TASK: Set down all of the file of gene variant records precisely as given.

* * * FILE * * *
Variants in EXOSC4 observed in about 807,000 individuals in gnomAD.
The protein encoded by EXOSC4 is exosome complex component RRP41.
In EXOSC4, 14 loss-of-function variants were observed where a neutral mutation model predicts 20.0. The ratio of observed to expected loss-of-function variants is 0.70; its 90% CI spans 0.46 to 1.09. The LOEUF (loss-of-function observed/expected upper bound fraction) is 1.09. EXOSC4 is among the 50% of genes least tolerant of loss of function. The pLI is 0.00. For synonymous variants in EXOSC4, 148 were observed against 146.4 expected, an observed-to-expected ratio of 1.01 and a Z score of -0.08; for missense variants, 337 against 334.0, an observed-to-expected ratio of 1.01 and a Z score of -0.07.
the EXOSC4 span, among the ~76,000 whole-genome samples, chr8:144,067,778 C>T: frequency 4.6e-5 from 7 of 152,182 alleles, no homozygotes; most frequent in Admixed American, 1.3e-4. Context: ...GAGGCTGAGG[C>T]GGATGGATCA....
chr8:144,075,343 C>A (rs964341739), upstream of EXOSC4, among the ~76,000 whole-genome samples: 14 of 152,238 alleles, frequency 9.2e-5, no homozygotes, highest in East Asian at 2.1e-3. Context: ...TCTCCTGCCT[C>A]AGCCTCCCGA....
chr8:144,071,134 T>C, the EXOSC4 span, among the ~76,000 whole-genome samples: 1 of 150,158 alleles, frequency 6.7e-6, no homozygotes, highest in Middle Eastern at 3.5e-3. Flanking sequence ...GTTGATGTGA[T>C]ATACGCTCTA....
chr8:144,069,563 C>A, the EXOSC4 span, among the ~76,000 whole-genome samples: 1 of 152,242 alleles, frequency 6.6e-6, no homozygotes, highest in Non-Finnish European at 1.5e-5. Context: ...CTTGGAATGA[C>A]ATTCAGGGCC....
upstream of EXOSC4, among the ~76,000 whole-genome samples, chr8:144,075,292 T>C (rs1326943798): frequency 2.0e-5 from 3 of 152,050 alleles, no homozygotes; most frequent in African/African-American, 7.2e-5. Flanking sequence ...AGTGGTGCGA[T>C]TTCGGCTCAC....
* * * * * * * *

Variants in EXOSC4 observed in about 807,000 individuals in gnomAD.
The protein encoded by EXOSC4 is exosome complex component RRP41.
In EXOSC4, 14 loss-of-function variants were observed where a neutral mutation model predicts 20.0. The ratio of observed to expected loss-of-function variants is 0.70; its 90% CI spans 0.46 to 1.09. The LOEUF (loss-of-function observed/expected upper bound fraction) is 1.09. EXOSC4 is among the 50% of genes least tolerant of loss of function. The pLI is 0.00. For synonymous variants in EXOSC4, 148 were observed against 146.4 expected, an observed-to-expected ratio of 1.01 and a Z score of -0.08; for missense variants, 337 against 334.0, an observed-to-expected ratio of 1.01 and a Z score of -0.07.
the EXOSC4 span, among the ~76,000 whole-genome samples, chr8:144,067,778 C>T: frequency 4.6e-5 from 7 of 152,182 alleles, no homozygotes; most frequent in Admixed American, 1.3e-4. Context: ...GAGGCTGAGG[C>T]GGATGGATCA....
chr8:144,075,343 C>A (rs964341739), upstream of EXOSC4, among the ~76,000 whole-genome samples: 14 of 152,238 alleles, frequency 9.2e-5, no homozygotes, highest in East Asian at 2.1e-3. Context: ...TCTCCTGCCT[C>A]AGCCTCCCGA....
chr8:144,071,134 T>C, the EXOSC4 span, among the ~76,000 whole-genome samples: 1 of 150,158 alleles, frequency 6.7e-6, no homozygotes, highest in Middle Eastern at 3.5e-3. Flanking sequence ...GTTGATGTGA[T>C]ATACGCTCTA....
chr8:144,069,563 C>A, the EXOSC4 span, among the ~76,000 whole-genome samples: 1 of 152,242 alleles, frequency 6.6e-6, no homozygotes, highest in Non-Finnish European at 1.5e-5. Context: ...CTTGGAATGA[C>A]ATTCAGGGCC....
upstream of EXOSC4, among the ~76,000 whole-genome samples, chr8:144,075,292 T>C (rs1326943798): frequency 2.0e-5 from 3 of 152,050 alleles, no homozygotes; most frequent in African/African-American, 7.2e-5. Flanking sequence ...AGTGGTGCGA[T>C]TTCGGCTCAC....